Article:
Meet the Flock at Withers Wool
Mounds, the large Rambouillet Columbia cross, is more of a pet than fiber animal at this point. Her value lies in her placid nature. She will follow grain and the more skittish animals will follow. She hangs with the Merino sheep.
If I had to keep only one breed of sheep, it would be the Merinos. They have the finest, softest fiber of any sheep breed. My range of colors include white, moorit, chocolate, gray and black. They have huge fleeces!
The interesting thing about Shetlands, is that you cannot predict what color their lambs will be when they are six months old. Lambs are born black, moorit or white and their fleeces change as they age. I have had black lambs turn really light gray and other remain very dark black. I have been crossing my Shetland sheep with Merinos to get finer and heavier fleeces. I am selling my purebred Shetlands this year, so contact me, if you would like to see them
My angora goats have beautiful temperaments. They produce lovely, lustrous mohair that remains softer a lot longer than traditional angora goats. I have them in a full range of colors. Contact me about adding a few to your herd.
Angora goats are the most fragile of my fiber animals. They do not like to get wet and will not leave the shelters when it is raining or snowing. When they have kids, we have to be there. I am always prepared to bottle feed kids, since I have had kids rejected by their mother, kid who reject their mother or who just do not want to bend under to drink. Kids that are chilled at birth have to be blow dried before they will suck from their mom. But it is all worth it when the first shearing reveals a gorgeous fleece that is like no other in softness and silkiness. Their fiber does not have elasticity, so used by itself, it is best as scarf, shawl or embellishment. Blended with wool, it adds a sheen to a sweater or other project.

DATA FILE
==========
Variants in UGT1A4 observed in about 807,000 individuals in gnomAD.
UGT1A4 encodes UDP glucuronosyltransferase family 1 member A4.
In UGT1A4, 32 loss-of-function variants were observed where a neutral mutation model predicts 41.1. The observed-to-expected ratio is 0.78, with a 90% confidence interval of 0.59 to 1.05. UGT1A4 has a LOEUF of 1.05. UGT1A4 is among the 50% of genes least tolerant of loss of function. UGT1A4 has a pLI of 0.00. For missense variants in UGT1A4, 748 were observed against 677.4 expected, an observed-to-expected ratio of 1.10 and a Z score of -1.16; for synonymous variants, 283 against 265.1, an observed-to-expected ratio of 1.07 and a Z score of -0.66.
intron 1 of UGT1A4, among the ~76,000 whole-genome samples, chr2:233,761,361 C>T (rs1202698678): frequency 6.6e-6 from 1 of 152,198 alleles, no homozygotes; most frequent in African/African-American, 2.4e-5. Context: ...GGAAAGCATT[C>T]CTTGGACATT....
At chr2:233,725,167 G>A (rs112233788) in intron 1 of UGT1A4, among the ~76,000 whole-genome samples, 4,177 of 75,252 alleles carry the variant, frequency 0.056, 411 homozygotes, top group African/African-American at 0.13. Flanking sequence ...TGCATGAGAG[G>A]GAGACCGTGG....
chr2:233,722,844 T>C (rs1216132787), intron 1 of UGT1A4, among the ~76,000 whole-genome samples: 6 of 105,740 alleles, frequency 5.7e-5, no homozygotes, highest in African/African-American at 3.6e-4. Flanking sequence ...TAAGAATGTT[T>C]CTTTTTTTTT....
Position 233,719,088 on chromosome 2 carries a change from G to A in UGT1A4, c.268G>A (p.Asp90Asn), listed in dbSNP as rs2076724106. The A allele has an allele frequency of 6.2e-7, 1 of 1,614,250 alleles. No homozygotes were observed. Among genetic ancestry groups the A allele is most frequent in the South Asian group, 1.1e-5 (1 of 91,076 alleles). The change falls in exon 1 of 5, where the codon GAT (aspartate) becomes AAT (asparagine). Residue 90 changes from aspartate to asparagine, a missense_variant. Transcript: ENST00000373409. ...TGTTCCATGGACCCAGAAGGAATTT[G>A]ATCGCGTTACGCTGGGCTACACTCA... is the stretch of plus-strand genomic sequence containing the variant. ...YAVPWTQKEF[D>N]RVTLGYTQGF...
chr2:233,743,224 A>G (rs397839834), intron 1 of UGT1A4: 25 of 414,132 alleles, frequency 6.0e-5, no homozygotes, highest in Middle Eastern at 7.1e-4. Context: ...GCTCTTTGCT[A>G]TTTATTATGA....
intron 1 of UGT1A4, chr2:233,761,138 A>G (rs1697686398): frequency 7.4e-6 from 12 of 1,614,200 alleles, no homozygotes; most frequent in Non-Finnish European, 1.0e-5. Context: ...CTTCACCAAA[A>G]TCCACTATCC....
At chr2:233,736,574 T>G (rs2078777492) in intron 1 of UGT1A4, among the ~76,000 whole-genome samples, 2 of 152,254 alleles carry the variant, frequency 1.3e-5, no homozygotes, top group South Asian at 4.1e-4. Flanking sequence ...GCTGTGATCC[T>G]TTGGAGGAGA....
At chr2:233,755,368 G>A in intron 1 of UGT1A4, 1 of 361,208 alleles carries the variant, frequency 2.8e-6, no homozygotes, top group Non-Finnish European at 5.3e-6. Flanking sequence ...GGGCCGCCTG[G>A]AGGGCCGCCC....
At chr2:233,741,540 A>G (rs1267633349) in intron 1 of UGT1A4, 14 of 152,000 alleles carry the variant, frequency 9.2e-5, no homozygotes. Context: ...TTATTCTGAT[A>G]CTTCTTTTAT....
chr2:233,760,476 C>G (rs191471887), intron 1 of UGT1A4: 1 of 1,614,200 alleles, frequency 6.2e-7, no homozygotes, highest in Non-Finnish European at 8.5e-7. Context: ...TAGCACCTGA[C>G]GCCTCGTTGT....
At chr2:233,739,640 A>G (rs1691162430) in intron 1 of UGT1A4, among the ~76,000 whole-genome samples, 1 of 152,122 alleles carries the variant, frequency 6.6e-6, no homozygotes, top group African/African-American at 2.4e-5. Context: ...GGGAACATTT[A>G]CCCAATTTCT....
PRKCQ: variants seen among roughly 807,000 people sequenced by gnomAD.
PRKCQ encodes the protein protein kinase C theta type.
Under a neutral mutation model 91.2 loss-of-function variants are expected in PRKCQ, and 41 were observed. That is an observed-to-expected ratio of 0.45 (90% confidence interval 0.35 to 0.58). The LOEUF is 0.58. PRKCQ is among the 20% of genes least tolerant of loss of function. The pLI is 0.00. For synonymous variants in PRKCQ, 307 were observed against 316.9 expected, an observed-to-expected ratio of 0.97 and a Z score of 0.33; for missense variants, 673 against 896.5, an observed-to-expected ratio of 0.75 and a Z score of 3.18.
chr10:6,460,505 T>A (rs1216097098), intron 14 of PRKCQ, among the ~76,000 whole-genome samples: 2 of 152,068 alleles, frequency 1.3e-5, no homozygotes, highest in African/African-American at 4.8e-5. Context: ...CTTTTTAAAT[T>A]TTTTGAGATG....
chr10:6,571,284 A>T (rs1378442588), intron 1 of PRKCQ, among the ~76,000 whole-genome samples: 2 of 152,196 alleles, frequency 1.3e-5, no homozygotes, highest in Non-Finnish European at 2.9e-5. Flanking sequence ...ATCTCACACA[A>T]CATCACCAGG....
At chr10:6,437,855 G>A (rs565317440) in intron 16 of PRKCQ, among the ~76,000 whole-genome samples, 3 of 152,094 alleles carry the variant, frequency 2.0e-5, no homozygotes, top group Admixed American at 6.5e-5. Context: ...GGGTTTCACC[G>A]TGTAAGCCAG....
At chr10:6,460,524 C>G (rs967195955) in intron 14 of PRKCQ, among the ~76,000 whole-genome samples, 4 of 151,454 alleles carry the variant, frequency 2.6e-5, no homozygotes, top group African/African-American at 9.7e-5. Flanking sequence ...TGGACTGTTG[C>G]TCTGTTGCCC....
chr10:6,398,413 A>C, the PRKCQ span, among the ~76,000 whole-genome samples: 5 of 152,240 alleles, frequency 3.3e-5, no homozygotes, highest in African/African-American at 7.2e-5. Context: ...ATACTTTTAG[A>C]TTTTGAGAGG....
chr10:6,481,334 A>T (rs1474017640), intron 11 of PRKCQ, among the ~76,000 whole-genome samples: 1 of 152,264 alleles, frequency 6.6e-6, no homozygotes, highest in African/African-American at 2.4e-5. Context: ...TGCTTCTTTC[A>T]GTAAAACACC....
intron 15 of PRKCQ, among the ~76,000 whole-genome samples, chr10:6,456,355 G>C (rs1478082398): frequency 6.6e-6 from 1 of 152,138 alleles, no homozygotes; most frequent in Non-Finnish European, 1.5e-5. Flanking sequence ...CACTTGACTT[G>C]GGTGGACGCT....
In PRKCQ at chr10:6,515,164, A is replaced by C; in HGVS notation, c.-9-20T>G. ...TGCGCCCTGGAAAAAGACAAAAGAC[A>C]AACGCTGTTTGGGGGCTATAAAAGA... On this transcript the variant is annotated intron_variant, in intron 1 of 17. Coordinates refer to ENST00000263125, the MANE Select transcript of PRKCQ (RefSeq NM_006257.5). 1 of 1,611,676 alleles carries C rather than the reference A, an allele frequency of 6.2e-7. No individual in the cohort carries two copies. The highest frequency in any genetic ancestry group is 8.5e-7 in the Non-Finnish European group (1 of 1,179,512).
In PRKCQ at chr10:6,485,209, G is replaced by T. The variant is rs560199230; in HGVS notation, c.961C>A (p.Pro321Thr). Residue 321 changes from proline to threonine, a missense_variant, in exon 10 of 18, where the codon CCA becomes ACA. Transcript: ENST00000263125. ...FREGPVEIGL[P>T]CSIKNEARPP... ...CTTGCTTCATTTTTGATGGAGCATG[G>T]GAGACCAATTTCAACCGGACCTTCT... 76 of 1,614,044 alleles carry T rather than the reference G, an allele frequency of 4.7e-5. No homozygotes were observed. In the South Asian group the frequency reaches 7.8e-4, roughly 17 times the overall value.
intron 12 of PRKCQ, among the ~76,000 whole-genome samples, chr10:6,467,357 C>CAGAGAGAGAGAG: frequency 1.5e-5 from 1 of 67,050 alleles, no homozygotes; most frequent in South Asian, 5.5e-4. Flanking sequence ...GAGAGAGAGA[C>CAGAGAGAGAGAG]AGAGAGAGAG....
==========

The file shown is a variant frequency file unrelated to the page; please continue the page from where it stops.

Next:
I used to have angora rabbits in Tucson, Arizona, a few years ago. Last year I got three French angora rabbits and they have multiplied. Their fiber is lovely and soft and creates a beautiful halo. I have now accumulated enough to start spinning it.
I have two Suri alpacas and 4 Huacayas. I prefer the Huacayas because they have a softer crimpier fleece, but both types have their uses. I almost always blend their fiber with Merino or kid mohair to get a nicer yarn.
These two are named Angel and Josey. They tend to hang together. They are both for sale. They have never bred and will not at this point.
I love the Shetland for their fiber felting qualities. The first few fleeces may be worn next to the skin, but later fleeces lend themselves more to felting or making outwear.
Shetland wool is springier and loftier than Merino which makes it great for blending with other fibers. I also have a full range of natural colors in their fleeces and I am only breeding for the more modern Shetland fleece which has lots of crimp. They are small animals who do not eat a lot, but their fleece is also very light weight.